The CP-800's rear-panel USB port operates in asynchronous mode, in which the flow of data is controlled by the DAC clock, not the computer. But the CP-800's operating mode, which Classé calls Optimal Asynchronous with Single Clock Substrate, differs from topologies used in competing products. Usually, the microcontroller in the asynchronous USB receiver chip controls the master clock. In the CP-800, a high-precision clock signal is buffered by a high-speed Field-Programmable Gate Array (FPGA) chip placed next to the DACs and master-clock oscillators. This is said to result in increased clock purity and more accurate D/A conversion. Additionally, when the CP-800 is processing data encoded at 44.1kHz and its multiples, the 48kHz master clock is turned off, and vice versa, to avoid cross contamination.

In Analog Bypass mode, analog signals are fed straight to the volume control and output circuits and the digital clocks are turned off. (The volume control is implemented with two two-channel Burr-Brown PGA2310 programmable-gain chips, one per channel used as a differential volume control.) However, the tone or equalization controls are implemented using two Analog Devices DSP chips. So if the user wants to use these controls, the analog input signals are converted to 24-bit digital data with a Cirrus Logic 5381 A/D chip. Digital data are turned back to analog using two Wolfson WM8741 DAC chips, each of these a high-performance, multi-bit, sigma-delta, two-channel type capable of operating with 32-bit data. Each DAC chip operates in differential mode, one per channel, and runs at a constant rate of 176.4 or 192kHz. The voltage-output DACs are followed by a fourth-order reconstruction filter with a 100kHz passband.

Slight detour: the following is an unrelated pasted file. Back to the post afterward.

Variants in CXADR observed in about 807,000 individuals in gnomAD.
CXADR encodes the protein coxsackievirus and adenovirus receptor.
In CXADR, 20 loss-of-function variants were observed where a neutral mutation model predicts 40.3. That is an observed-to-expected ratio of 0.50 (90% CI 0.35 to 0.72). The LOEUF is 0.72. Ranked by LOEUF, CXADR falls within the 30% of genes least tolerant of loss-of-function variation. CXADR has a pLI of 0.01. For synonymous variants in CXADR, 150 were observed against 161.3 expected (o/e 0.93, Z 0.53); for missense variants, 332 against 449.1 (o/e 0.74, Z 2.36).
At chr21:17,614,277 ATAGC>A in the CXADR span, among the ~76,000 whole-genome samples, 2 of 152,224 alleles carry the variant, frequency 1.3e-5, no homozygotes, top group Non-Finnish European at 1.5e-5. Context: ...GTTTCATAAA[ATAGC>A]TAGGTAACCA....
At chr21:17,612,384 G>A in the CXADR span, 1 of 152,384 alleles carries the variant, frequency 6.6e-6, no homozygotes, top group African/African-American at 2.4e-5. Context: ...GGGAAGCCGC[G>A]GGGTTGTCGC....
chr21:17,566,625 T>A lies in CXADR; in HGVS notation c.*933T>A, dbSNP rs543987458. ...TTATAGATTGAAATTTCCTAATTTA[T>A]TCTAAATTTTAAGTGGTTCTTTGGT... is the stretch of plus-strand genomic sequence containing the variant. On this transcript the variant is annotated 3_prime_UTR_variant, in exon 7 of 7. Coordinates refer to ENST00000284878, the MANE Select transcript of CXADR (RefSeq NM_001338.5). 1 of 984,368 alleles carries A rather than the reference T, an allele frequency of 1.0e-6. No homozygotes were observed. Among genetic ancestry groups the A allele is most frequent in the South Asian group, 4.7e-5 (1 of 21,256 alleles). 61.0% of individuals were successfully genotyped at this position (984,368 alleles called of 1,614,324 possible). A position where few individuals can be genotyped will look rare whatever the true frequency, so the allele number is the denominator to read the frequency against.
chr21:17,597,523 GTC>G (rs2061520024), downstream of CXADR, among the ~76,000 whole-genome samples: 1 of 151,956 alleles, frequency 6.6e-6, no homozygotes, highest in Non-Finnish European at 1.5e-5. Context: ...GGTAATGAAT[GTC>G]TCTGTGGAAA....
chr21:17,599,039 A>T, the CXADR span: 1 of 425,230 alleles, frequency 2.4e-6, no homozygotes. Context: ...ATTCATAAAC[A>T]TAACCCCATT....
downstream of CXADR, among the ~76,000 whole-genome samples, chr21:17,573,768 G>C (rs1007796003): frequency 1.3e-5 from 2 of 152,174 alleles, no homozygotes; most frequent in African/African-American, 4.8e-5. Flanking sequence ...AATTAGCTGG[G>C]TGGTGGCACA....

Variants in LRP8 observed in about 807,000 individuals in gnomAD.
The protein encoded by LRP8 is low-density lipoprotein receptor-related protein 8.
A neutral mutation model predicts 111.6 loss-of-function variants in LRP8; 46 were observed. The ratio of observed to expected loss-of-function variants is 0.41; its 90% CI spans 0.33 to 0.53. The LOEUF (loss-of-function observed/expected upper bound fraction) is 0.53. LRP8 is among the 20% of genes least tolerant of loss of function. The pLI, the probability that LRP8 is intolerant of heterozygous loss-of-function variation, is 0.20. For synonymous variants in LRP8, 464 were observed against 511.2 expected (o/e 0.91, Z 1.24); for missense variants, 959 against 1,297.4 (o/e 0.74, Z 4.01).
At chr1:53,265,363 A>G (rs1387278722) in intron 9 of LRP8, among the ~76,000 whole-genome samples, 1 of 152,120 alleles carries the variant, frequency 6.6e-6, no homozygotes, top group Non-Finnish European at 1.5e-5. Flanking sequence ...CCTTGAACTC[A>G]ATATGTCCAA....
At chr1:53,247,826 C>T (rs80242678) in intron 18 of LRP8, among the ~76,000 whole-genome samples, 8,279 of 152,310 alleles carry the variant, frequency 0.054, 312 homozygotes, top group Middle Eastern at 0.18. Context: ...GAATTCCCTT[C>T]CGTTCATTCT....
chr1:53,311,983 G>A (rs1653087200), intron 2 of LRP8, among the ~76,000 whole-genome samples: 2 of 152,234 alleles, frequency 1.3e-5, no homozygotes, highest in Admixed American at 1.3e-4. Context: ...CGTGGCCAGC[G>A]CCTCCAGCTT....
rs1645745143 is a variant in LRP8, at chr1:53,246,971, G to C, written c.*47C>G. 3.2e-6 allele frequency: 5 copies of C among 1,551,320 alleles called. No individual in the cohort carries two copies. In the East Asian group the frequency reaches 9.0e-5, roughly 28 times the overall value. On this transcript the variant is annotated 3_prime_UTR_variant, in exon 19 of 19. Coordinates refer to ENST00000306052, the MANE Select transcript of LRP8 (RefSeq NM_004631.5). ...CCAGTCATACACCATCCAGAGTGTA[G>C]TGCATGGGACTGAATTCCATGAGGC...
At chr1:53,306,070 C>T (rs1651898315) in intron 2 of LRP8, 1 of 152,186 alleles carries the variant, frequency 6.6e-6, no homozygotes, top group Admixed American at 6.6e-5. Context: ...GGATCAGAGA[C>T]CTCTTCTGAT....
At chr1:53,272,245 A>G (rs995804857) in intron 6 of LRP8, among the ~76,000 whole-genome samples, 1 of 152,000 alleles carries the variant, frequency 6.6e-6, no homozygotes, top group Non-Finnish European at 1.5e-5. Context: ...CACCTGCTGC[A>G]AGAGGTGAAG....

While the CP-800 offers myriad customizing options via its touchscreen menu, the default settings out of the box proved to be all that I needed. Pressing any part of the touchscreen's Home screen or the Source Select button on the remote allows you to choose a digital or analog input. The chosen source is then displayed on the bottom left of the Home screen. If digital, the Home screen displays the current sample rate in small print at the bottom. Large numerals in the top half of the screen indicate the current volume setting.